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I have a 1996 zr 580 and want to make it faster off the line. it has a 57-57 haelix in it and a yellow spring.

what spring and helix should I get?
 

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go with a green secondary and what is on the front? as for the helix it has nothing to do with starts.
 

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Use a 56/50 helix and keep your stock yellow spring. Place spring in the 2nd hole from the left. The helix lets the clutch sheaves open at a specific rate and also determins belt squeeze. The spring helps belt squeeze and the rate the secondary clutch will open. If your secondary clutch opens to fast it will bog your primary clutch and you will loose acceleration. If you want to achieve higher top end speeds but still with a good take off, go with a lower ending angle on your helix, lets say 56/46.

Joey
 

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you will need a primary spring if you want to be quicker of the line.
 

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Yes, primary spring will help take off but sometimes will effect clutch full shift out because the spring is too stiff.
 

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well if he is going to buy all secondary stuff he might as well buy a kit. why half a$$ it? You need stuff to match if you are going to take full advantage of the clutch set up. he wants a better start and a helix wont get that for him.
 

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you seem to think that a helix has no role in low end. Hummm your not a clutch tuner. Ha, thats why they make progressive and compound helixes. You think just putting in a spring will make all the difference? I dont think so
 

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im sayin that if he wants a good clutch set up you have to match components.if you want to see a decent gain you have to do more than that.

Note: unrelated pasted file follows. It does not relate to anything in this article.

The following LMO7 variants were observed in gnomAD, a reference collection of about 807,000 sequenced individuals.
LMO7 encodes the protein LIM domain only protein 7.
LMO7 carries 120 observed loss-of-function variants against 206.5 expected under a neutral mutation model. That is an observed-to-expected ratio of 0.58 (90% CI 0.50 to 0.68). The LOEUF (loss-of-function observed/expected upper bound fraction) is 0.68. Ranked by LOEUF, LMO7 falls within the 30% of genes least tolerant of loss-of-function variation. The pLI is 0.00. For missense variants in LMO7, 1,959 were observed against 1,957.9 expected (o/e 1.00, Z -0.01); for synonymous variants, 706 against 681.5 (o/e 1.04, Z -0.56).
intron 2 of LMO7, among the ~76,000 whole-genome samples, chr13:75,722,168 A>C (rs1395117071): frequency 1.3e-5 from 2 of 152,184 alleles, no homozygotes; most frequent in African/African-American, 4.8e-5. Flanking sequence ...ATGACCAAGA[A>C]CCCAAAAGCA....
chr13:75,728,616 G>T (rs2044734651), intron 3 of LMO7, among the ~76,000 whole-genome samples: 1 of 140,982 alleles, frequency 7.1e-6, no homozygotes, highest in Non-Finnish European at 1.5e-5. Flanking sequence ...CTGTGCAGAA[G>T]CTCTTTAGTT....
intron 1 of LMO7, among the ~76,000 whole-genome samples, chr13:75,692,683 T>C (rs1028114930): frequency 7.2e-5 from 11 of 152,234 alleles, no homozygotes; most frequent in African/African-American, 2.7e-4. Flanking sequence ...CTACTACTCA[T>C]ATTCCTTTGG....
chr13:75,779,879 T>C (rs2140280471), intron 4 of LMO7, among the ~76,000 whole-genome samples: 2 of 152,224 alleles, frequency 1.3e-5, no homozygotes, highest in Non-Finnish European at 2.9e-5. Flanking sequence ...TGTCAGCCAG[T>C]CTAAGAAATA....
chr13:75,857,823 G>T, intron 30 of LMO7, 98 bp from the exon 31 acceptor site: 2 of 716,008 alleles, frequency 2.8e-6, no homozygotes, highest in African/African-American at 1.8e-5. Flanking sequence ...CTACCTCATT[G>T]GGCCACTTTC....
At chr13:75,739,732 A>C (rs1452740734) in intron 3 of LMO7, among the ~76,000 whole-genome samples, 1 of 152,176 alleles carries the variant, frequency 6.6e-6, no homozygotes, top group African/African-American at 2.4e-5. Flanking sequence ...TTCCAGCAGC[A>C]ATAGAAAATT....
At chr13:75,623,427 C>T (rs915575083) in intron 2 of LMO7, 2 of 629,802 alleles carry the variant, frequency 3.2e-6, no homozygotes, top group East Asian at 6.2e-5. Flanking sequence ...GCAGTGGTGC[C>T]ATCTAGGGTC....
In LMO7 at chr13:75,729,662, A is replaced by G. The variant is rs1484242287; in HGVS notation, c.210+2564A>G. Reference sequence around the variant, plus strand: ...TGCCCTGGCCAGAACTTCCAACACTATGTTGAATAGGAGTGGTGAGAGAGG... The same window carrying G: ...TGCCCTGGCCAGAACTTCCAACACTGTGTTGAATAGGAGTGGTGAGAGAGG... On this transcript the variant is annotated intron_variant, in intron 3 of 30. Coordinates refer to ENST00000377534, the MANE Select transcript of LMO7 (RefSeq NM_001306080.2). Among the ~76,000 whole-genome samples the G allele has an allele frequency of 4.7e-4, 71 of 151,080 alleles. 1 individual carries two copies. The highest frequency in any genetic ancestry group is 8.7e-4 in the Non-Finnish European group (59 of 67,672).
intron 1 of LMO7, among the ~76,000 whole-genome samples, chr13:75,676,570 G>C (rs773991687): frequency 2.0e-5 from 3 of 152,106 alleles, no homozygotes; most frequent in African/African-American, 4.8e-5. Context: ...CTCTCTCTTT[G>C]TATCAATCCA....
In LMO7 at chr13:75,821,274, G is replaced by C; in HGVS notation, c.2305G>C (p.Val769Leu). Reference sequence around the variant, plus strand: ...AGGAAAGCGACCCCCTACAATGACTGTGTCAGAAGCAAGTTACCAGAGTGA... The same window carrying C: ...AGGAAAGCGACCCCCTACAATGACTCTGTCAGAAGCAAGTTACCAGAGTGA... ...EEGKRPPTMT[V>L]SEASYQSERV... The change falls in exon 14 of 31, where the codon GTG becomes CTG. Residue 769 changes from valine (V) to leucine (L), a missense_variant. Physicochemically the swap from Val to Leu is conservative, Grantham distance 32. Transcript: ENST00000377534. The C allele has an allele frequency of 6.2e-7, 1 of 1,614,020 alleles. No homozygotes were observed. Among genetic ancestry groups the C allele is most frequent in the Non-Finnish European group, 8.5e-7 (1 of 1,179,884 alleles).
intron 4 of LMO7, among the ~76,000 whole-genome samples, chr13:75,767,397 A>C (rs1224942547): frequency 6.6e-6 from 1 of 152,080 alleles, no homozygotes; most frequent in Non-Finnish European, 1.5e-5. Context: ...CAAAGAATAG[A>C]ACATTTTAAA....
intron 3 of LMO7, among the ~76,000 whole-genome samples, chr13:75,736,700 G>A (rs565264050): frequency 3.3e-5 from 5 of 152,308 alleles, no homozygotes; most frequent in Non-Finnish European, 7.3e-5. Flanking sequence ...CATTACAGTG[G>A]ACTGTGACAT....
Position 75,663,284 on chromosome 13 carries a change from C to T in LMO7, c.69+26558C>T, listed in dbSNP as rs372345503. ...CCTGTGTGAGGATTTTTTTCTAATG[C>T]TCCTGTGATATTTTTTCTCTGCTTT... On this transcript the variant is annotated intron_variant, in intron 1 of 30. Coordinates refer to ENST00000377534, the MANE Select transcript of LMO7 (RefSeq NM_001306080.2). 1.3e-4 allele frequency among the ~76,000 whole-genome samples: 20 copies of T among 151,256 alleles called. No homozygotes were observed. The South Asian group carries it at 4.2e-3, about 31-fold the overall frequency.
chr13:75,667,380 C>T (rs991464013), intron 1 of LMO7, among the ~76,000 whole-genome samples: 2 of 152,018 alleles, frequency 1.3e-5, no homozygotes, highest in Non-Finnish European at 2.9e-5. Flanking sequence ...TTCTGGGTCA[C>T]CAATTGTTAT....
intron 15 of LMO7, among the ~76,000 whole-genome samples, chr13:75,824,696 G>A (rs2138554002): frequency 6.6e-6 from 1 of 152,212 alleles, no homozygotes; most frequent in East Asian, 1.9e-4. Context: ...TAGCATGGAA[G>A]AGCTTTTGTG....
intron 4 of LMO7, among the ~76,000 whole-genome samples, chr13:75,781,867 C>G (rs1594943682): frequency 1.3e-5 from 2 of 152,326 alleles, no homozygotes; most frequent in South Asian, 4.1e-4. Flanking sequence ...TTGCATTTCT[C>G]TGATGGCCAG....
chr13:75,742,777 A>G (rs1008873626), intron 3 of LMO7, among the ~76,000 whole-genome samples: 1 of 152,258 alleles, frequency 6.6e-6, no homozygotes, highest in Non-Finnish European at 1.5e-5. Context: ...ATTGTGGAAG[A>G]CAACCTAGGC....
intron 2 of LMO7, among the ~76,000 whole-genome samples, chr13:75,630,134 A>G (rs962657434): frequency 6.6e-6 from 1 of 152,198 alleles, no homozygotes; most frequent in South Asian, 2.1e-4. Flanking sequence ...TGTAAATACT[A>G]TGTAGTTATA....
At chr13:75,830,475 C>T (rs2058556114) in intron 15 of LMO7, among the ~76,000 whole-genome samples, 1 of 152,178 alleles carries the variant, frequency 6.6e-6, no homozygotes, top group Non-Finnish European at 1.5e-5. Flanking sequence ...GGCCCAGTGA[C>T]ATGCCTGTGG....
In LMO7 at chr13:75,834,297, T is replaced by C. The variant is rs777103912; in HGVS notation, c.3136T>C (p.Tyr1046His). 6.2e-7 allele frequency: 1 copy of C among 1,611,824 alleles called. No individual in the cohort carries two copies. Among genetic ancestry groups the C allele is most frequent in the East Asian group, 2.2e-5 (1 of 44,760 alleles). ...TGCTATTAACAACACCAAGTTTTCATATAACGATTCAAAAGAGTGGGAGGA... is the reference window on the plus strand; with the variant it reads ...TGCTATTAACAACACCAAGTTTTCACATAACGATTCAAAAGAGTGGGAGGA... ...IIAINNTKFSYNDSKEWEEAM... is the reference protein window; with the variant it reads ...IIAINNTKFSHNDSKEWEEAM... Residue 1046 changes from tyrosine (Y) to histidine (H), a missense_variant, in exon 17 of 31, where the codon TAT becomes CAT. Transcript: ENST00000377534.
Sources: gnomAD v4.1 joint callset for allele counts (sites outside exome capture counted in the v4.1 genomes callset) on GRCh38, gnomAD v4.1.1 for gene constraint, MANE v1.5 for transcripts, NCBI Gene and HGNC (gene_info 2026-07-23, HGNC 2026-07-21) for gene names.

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JoeyO said:
You think just putting in a spring will make all the difference? I dont think so
Exactly. Having matched clutch components does make a difference, but not all the time. They can test all they want, but do you seriously think they have every sled manufactured there for testing? What one guy says works great when another loses performance. You can, which most people do, is either get a heavier, meaning harder to close, spring to bring up the rpms before engaging or learn how to adjust your clutch, preferably from a local certified dealer, it will save you more money than buying all these springs and helixs that you actually wont need if you knew what to do on your clutchs. Its funny how $300 worth of springs and helix's that i was told to try and see didnt get me any faster in times, except the straight 47 and 47-50 slowed me 3-4mph and the stock straight 50 got me the fastest with stock springs and bumping up the primary clutch 1 turn. Read clutching explained in this forum at what my post was, it will explain what you will need to do.
 

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with arctic cat clutches we cannot bump up the primary clutch with 1 turn....... you need to do trial and error to find the best clutch setup for your sled. Springs, weights ect. I've purchased 2 clutch kits before, one being the hearthrob clutch kit and the other D&D...both worked good. But I didnt get the improvements that I was looking for.

what it boils down to is: How fast or faster you want to go is how much your gonna pay. Trial and error is the only way your gonna learn clutching and the only way your going to find the perfect setup. Every sled is different. Rider weight is never the same. So all come into factors. I've seen perfect clutched 500's keep up with stock twin 700's.

Joe
 

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Cats dont have adjustable ramps? Id just get a heavier spring then to get the rpms up higher before engagement and gear it.
 
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